Many in the Tribe have asked about the Full Court Trips Drill listed in the Master Practice Plan from my last post, 'Do You Have a Master Plan?' Since this is the first drill we do just about every practice, it is appropriate for it to be the first drill detailed in this series. We work on this drill every day of practice, and it has been invaluable to our program in making it a habit for our players to flow from our fast break directly into the Read & React. Our players love the opportunity to push the ball and score quickly, but if the defense gets back, we do not feel the need to pull the ball out and 'reset' in order to run offense. Here is a video excerpt from Planning the R&R Practice of our team running it, followed by the breakdown of the drill. To set up the video, I must mention that this was filmed at a Spring Clinic, and our team had been off for 2 months. It is not perfect, and we were using players from 3 different levels of our program.  What I love about that is that they were all able to operate on the same page because of the Read & React curriculum we have installed. (If you don't have Planning the R&R Practice, it is an invaluable resource that we use all season long for ideas and information) Teaching Full Court Trips The way we install Full Court Trips, is to first teach our early offense. We use an Inbounder, an Outlet, 2 Lane Fillers (who cross if we don't pass the ball ahead) and a Rim Runner. The first 3 trips can be taught to all players at all levels regardless of Read and React experience.

During recent clinics, I’ve mentioned Kevin Eastman’s quote about the future of basketball – that it will be “position-less”. He’s not yet seen the Read & React and so I find it interesting that one of the best basketball minds in the coaching community “senses” where things are headed. I would love to see him wrap his mind around what you and I already know: the future is already here. The Read & React is position-less, formless, unpredictable and yet totally accountable and teachable. There’s no telling how Kevin would operate it – just like all the Tribe coaches; it looks different in everyone’s hands. But that’s not what I want to point out today. His quote about “position-less basketball” brought other terms to my mind like “formless” and “unpredictable”. It reminded me of a quote about how your team should be like “water” and adapt its form according to the defense… I found this quote today in THE ART OF WAR by Sun Tzu – and it struck me how close his language is to ours. You’d think he was talking to his Read & React team just before a game:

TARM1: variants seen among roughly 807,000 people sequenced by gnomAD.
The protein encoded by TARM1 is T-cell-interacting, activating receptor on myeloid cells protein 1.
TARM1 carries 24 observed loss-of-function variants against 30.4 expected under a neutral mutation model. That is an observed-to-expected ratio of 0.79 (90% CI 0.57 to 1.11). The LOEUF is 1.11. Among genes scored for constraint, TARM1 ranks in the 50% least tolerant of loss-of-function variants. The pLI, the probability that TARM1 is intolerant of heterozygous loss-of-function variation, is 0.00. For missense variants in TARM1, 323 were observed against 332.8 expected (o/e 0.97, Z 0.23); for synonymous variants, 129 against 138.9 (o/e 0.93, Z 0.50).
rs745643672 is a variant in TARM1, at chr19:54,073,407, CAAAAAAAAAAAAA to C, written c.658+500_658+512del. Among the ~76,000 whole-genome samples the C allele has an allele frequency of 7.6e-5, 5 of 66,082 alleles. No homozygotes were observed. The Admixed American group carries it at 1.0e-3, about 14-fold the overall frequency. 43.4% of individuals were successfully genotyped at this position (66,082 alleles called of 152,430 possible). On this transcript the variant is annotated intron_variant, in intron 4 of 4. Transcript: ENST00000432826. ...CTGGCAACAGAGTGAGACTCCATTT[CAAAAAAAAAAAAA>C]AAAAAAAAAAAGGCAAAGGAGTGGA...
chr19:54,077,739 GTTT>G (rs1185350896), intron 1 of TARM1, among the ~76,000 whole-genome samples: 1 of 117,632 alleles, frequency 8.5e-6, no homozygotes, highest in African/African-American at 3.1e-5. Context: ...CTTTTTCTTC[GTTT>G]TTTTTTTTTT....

“The general who wins a battle makes many calculations in his temple before the battle is fought” -SUN TZU The questions that Read & React coaches collectively have on their minds as they begin their respective seasons seem to be centered around practice planning. For those who have the Planning the R&R Practice DVD Set, you are probably ahead of the game already, and have a great idea about how you want to operate your practices. The number one thing I am asked as a High School Read & React coach is, "How do you prepare for your first game with only 12 practices to do so?" We work very hard to collapse time frames and have put 3 years of trial and error into our Master Practice Plan. It outlines everything we want to cover prior to tipping off against our first opponent. We use this plan to stay on track while scheduling our individual practices, and alter it slightly each season based on the experience and skill level of the players we have returning. We view every drill in each practice as another brick we want to lay perfectly on our way to building something special over the course of the season. Please feel free to download the Master Practice Plan I use with our team. I will be discussing each brick in more detail beginning today. To further get the mental juices flowing, here are some past Tribe Posts with video that talk about practice planning:
LAUNCHING SOON! THE READ & REACT PLAYER SYSTEM  GET EARLY ACCESS